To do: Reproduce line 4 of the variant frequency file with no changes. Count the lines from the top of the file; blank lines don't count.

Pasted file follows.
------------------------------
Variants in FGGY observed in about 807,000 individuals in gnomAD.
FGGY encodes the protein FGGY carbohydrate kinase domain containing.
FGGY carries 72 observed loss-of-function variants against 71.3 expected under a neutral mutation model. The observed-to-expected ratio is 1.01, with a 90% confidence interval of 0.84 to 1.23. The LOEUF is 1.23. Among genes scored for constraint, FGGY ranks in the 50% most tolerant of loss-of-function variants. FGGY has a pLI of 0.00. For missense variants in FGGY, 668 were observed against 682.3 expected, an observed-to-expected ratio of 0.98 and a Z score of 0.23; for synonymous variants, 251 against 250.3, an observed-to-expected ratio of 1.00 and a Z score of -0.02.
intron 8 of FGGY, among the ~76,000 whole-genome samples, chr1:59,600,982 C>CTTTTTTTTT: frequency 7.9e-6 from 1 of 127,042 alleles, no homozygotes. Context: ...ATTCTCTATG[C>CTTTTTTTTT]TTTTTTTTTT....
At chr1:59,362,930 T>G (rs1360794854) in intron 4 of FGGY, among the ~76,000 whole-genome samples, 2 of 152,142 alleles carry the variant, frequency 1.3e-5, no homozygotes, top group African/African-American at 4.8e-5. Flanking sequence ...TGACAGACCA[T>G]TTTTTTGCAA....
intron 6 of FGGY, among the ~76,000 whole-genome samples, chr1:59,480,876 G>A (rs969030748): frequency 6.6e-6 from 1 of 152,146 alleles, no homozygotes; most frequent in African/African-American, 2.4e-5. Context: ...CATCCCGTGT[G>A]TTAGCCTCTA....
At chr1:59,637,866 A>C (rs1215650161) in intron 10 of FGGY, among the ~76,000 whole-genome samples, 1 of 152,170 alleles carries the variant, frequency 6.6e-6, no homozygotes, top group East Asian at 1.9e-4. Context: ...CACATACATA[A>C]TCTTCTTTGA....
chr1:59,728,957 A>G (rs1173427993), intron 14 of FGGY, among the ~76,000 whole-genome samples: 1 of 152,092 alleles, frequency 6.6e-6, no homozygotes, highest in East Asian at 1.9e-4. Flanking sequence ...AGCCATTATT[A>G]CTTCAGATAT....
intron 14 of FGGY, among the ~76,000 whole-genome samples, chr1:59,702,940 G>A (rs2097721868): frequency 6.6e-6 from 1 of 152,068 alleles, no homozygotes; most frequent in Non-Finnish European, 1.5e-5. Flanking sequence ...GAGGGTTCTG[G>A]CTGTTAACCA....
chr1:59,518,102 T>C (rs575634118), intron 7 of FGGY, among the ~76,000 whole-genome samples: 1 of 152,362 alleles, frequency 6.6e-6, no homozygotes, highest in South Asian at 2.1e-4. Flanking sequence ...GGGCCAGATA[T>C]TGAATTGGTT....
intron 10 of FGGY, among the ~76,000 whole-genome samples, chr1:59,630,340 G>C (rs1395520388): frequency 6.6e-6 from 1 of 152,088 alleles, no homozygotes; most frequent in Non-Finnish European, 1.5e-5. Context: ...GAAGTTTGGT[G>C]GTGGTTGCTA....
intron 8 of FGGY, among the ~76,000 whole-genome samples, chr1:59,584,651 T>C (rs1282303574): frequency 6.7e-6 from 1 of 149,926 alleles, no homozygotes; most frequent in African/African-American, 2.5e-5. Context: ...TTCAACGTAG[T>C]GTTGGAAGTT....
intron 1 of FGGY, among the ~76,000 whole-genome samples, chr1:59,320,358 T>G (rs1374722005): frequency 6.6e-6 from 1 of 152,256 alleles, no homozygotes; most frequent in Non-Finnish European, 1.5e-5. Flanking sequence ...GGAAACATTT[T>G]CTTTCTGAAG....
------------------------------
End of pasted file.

intron 8 of FGGY, among the ~76,000 whole-genome samples, chr1:59,600,982 C>CTTTTTTTTT: frequency 7.9e-6 from 1 of 127,042 alleles, no homozygotes. Context: ...ATTCTCTATG[C>CTTTTTTTTT]TTTTTTTTTT....